Authentic assessment: What is it?

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The new University Learning and Teaching Policy, 2015 requires us to have authentic assessments in our courses. But what is an authentic assessment, and how do we best design one? Like all assessment, authentic assessments are tasks that measure whether students have learned to do things. But unlike contrived tasks, they are based on real-world professional scenarios and/or discipline practices. For example, an authentic assessment in a Health Professional program could require students to create a management plan based on realistic referral letters. An authentic assessment in an Arts program could require students to develop a persuasive argument on a topic using primary sources, e.g., a choice of Cicero’s speeches. Students are engaged by authentic assessments because they see them as being relevant to the study of a discipline and/or their future careers.

Authentic assessments require students to produce or perform rather than only reproduce (information/knowledge). They are therefore typically measures of higher order learning outcomes at the levels of ‘create’, ‘evaluate’ and/or ‘analyse or apply’ (Bloom’s Revised Taxonomy).

The first step in designing an authentic assessment then is to ask yourself, ‘What do I do in my daily discipline practice or research, or what do professionals like me do in their professional practice?’ Then match a similar task, which students could tackle, with your intended learning outcomes. Your intended learning outcomes are what you want students to be able to do. If you want students to apply their knowledge to realistic situations, then set them realistic tasks, but set limits and provide guidance so as not to cause them unnecessary anxiety. Examples of authentic assessments from around the University include producing a final creative work and giving a mock gallery presentation, and designing and conducting an experiment to answer a real-world ecological question (e.g., about water bird communities). Take a look at this student’s amazing research report (in the form of a blog) for a public audience about the history of an organisation outside the University. This student said that in doing their assessment “I caught a glimpse of the ‘historian life’; something I thought I’d never experience as an undergraduate”.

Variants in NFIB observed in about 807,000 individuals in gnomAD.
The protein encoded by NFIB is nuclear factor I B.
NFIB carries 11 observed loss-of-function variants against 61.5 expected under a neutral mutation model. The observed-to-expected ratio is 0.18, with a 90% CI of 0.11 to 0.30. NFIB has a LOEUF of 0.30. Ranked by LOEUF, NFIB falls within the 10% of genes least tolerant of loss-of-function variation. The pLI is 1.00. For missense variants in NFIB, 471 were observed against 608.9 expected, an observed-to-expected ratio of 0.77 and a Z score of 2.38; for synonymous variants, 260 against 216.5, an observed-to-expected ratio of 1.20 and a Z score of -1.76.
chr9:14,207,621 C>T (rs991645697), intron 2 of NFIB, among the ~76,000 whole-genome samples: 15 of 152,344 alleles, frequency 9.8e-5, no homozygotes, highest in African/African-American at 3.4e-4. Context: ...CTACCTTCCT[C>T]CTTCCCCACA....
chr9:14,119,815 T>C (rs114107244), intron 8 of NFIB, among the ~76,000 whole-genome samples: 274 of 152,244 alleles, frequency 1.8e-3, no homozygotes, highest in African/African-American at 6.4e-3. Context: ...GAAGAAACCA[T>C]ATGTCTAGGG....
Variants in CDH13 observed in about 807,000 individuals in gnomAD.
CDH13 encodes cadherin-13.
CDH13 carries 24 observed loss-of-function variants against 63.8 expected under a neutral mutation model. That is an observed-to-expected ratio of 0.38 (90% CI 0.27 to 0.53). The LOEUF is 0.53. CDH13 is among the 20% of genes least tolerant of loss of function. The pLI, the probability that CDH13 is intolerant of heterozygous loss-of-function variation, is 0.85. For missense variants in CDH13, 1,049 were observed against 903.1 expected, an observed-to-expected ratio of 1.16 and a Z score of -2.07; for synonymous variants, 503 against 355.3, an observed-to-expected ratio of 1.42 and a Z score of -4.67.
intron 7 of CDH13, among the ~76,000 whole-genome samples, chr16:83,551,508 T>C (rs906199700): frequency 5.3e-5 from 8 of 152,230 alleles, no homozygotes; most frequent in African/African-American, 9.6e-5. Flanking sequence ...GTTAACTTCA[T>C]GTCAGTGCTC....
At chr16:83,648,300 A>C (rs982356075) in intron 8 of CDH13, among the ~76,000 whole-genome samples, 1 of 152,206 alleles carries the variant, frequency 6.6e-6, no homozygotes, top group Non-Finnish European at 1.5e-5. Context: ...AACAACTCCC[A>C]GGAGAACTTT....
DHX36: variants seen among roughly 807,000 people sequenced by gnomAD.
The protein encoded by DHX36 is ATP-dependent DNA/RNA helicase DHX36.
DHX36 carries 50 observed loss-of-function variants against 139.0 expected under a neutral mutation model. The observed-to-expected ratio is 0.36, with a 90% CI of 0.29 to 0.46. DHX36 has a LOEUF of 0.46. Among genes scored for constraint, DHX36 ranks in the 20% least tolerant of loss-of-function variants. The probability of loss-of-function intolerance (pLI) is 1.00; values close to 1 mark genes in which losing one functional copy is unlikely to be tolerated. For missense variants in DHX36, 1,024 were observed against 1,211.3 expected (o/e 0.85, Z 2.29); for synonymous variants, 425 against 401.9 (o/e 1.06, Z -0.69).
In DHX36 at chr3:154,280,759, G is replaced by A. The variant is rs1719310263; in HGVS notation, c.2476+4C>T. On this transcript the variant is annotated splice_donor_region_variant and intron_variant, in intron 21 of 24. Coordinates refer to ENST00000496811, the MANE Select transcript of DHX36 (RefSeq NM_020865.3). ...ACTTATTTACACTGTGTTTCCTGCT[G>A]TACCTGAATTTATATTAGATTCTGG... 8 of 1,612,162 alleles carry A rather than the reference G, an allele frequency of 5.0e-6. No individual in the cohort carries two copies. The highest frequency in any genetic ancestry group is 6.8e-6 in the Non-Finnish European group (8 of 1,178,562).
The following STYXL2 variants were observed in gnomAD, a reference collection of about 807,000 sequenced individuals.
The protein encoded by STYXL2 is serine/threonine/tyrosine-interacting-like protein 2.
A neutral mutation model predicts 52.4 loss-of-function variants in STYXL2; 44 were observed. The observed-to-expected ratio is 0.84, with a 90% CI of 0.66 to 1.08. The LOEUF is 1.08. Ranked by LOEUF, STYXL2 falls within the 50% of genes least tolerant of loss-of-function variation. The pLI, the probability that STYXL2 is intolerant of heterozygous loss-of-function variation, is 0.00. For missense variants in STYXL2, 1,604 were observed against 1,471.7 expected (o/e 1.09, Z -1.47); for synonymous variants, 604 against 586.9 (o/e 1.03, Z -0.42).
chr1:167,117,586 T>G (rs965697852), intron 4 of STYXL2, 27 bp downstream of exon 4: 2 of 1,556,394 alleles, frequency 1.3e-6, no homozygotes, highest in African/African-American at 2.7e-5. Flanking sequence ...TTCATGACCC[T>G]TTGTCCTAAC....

You don’t have to make major changes: just checking your written exam questions for authenticity is a useful step. For example, the question, “Outline the main characteristics of directive and supportive leadership styles” could be rewritten as, “Consider two types of leadership styles, directive and supportive. Explain aspects of each that might suit: 1. A voluntary association, 2. A business employing mostly casual staff” (Professor Royce Sadler). In other words, this more authentic question focuses on measuring students’ ability to integrate and apply what they know about leadership styles to real-world examples.

Finally, in designing more authentic assessment, show your draft design to a colleague for feedback or better still, design your authentic assessments collaboratively with colleagues from related units of study.

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